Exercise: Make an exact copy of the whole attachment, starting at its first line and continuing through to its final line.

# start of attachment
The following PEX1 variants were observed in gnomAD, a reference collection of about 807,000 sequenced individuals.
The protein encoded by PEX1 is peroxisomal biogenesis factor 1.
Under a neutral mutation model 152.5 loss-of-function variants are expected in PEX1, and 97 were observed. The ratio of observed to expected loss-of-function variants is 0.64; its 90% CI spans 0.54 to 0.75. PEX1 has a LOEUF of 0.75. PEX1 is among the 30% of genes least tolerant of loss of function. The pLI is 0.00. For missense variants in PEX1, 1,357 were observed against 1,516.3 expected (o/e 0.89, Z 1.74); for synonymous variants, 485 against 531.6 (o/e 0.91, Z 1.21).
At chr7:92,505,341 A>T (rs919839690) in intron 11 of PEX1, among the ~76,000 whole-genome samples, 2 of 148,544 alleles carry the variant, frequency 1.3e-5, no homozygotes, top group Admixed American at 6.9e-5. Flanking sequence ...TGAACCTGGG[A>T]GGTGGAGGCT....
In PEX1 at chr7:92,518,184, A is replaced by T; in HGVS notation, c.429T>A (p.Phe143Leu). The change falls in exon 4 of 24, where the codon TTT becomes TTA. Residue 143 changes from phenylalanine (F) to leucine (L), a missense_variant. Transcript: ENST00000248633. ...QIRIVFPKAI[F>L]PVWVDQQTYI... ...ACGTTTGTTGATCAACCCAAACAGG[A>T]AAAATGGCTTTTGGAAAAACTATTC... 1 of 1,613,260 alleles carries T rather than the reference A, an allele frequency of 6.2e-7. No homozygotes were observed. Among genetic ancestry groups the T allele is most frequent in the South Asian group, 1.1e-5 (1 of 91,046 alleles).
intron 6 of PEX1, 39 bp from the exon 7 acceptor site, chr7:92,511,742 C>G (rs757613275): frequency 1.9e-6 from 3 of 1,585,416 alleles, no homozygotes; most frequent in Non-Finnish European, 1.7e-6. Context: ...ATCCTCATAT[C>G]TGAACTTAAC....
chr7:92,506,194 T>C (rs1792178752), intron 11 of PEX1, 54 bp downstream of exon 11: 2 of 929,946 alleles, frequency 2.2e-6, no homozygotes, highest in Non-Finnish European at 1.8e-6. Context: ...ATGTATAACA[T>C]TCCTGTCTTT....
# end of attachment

The following PEX1 variants were observed in gnomAD, a reference collection of about 807,000 sequenced individuals.
The protein encoded by PEX1 is peroxisomal biogenesis factor 1.
Under a neutral mutation model 152.5 loss-of-function variants are expected in PEX1, and 97 were observed. The ratio of observed to expected loss-of-function variants is 0.64; its 90% CI spans 0.54 to 0.75. PEX1 has a LOEUF of 0.75. PEX1 is among the 30% of genes least tolerant of loss of function. The pLI is 0.00. For missense variants in PEX1, 1,357 were observed against 1,516.3 expected (o/e 0.89, Z 1.74); for synonymous variants, 485 against 531.6 (o/e 0.91, Z 1.21).
At chr7:92,505,341 A>T (rs919839690) in intron 11 of PEX1, among the ~76,000 whole-genome samples, 2 of 148,544 alleles carry the variant, frequency 1.3e-5, no homozygotes, top group Admixed American at 6.9e-5. Flanking sequence ...TGAACCTGGG[A>T]GGTGGAGGCT....
In PEX1 at chr7:92,518,184, A is replaced by T; in HGVS notation, c.429T>A (p.Phe143Leu). The change falls in exon 4 of 24, where the codon TTT becomes TTA. Residue 143 changes from phenylalanine (F) to leucine (L), a missense_variant. Transcript: ENST00000248633. ...QIRIVFPKAI[F>L]PVWVDQQTYI... ...ACGTTTGTTGATCAACCCAAACAGG[A>T]AAAATGGCTTTTGGAAAAACTATTC... 1 of 1,613,260 alleles carries T rather than the reference A, an allele frequency of 6.2e-7. No homozygotes were observed. Among genetic ancestry groups the T allele is most frequent in the South Asian group, 1.1e-5 (1 of 91,046 alleles).
intron 6 of PEX1, 39 bp from the exon 7 acceptor site, chr7:92,511,742 C>G (rs757613275): frequency 1.9e-6 from 3 of 1,585,416 alleles, no homozygotes; most frequent in Non-Finnish European, 1.7e-6. Context: ...ATCCTCATAT[C>G]TGAACTTAAC....
chr7:92,506,194 T>C (rs1792178752), intron 11 of PEX1, 54 bp downstream of exon 11: 2 of 929,946 alleles, frequency 2.2e-6, no homozygotes, highest in Non-Finnish European at 1.8e-6. Context: ...ATGTATAACA[T>C]TCCTGTCTTT....